3. Humidity and Bugs
Winter typically brings drier conditions to your area, but you should still monitor the humidity levels. Florida guys, you know what we’re talking about. Humidity and your car are sworn enemies, so take action against the moisture so it doesn’t harm your vehicle.
One way to tackle humidity is with dehumidifying packets. For example, silica gel packets in the trunk, under the seats, and by the windshield can prevent moisture buildup and mold growth while the car is in storage.
If the car is in your climate-controlled garage, consider placing a dehumidifier in the room to dry the air. These machines help if the garage has sub-optimal ventilation. Plus, dehumidifiers reduce the risk of cockroaches and other bugs that thrive in humid environments. These pests like to chew on wires, leading to critical malfunctions and short-circuiting in your car.
Another problem with storing a car for winter is rodents. Imagine you’re an animal sitting in the cold. Your first instinct is to find warm shelter — even if it’s inside a large machine that humans call a Ford Mustang or a Chevrolet Equinox.
Rats and mice don’t know better, so it’s best to take any measure to keep them out. Like cockroaches, rodents will chew through wirings and cause health concerns with the diseases they carry.
Luckily, there are multiple ways you can prevent rodents from terrorizing your car. Here are some of the best strategies:
- Clean: The easiest strategy in rodent prevention is to clean your car before putting it in storage. Remove the granola bar crumbs from the backseat and discard the empty soda bottles. Use the 25-cent vacuum at the gas station to clean the floors and wipe down the dashboard. Rats look for food, so ensure your car isn’t their buffet.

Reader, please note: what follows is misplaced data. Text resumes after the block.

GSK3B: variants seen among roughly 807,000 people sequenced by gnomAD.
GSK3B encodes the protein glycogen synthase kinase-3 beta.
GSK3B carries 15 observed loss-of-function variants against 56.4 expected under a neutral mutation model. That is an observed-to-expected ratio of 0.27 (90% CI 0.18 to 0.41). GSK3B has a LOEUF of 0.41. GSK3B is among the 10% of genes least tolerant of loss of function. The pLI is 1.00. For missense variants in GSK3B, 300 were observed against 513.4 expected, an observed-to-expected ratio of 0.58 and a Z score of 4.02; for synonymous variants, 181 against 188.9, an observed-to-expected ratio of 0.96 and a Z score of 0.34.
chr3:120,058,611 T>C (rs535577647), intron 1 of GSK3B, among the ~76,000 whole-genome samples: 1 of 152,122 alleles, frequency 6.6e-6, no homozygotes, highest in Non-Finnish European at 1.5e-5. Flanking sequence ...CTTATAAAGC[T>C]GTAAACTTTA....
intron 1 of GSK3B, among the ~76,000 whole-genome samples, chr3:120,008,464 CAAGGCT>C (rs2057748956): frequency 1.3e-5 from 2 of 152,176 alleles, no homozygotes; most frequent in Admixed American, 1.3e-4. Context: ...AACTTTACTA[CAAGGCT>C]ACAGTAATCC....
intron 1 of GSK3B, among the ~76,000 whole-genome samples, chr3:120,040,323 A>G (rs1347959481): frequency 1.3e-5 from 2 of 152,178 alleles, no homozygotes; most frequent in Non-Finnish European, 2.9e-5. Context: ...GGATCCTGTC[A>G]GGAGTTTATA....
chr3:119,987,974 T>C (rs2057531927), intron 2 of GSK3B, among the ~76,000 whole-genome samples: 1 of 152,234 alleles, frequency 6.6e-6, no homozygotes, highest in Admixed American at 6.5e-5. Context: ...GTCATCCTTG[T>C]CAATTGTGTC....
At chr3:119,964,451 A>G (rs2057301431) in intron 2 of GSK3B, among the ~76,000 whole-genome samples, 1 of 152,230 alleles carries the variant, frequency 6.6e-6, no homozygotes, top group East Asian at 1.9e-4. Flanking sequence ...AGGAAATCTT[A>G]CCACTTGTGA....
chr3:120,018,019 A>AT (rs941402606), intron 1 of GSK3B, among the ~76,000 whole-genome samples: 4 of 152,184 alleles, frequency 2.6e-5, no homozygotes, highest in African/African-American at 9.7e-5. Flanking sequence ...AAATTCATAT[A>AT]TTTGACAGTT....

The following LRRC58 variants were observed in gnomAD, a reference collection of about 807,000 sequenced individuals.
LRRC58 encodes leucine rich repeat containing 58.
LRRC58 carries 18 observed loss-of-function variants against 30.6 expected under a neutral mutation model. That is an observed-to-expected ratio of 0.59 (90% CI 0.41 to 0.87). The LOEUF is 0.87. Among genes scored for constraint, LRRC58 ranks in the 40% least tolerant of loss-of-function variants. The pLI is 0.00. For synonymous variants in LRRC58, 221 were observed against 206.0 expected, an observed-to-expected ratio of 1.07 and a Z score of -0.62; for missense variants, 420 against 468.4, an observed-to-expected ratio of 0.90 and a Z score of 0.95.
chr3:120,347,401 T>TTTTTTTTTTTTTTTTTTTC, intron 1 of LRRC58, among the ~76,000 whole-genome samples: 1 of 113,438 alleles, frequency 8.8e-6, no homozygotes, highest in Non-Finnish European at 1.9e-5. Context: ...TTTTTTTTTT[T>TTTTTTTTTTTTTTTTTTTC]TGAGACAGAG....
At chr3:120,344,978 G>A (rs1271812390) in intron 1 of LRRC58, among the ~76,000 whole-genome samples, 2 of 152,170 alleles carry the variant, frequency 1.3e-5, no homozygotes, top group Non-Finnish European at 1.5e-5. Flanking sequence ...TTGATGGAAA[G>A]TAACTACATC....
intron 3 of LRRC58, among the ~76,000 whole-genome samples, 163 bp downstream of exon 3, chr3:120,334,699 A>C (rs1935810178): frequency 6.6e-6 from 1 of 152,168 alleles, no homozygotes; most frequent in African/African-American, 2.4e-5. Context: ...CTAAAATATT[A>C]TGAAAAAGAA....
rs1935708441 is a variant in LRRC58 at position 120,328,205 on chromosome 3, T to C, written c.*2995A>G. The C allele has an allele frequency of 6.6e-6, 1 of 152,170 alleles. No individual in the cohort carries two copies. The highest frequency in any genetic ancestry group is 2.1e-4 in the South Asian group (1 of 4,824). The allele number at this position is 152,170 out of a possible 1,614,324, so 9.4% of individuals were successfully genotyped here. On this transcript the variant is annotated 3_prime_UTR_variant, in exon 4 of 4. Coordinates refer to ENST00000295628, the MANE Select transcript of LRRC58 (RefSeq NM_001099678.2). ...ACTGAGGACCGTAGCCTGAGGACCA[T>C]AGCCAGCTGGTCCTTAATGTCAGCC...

- Close entry points: Finding each crumb is hard, so seal every entry point to prevent rats from getting inside in the first place. Close the gaps around your windows and doors and use rodent-proof tape to block any potential hole they can climb through. Don’t underestimate the tiny crevices they can wiggle their way into.
- Use repellents: Rodents may still find a way into your car, so make their time as unpleasant as possible with repellents. Try do-it-yourself tactics like spraying cotton balls with peppermint oil — humans may love the smell, but rodents hate it. They also hate cinnamon and vinegar. The latter may be too strong, so choose peppermint for more pleasant aromas.
Extended time in storage can negatively affect your car by causing flat spots in the tires. Over time, your tires lose air pressure due to permeation, temperature changes and other factors. They also aren’t airtight, so the air molecules gradually leave the rubber compound. Additionally, cold air contracts your tires and causes them to lose pressure.
Airing up your tires is essential when considering storing a car for winter weather. The last thing you want is a flat tire when exiting the garage come springtime. Check the manufacturer’s recommendations on the pounds per square inch. Depending on your vehicle, the manual will likely recommend about 35 psi for each tire. If you plan for long-term storage, overinflate them slightly.
6. Starting the Car
You may need to leave your car in storage all winter, but you should periodically check on it to ensure nothing has happened. How often should you start a car in storage? Visit it at least biweekly — though once a week is preferable — and crank the motor.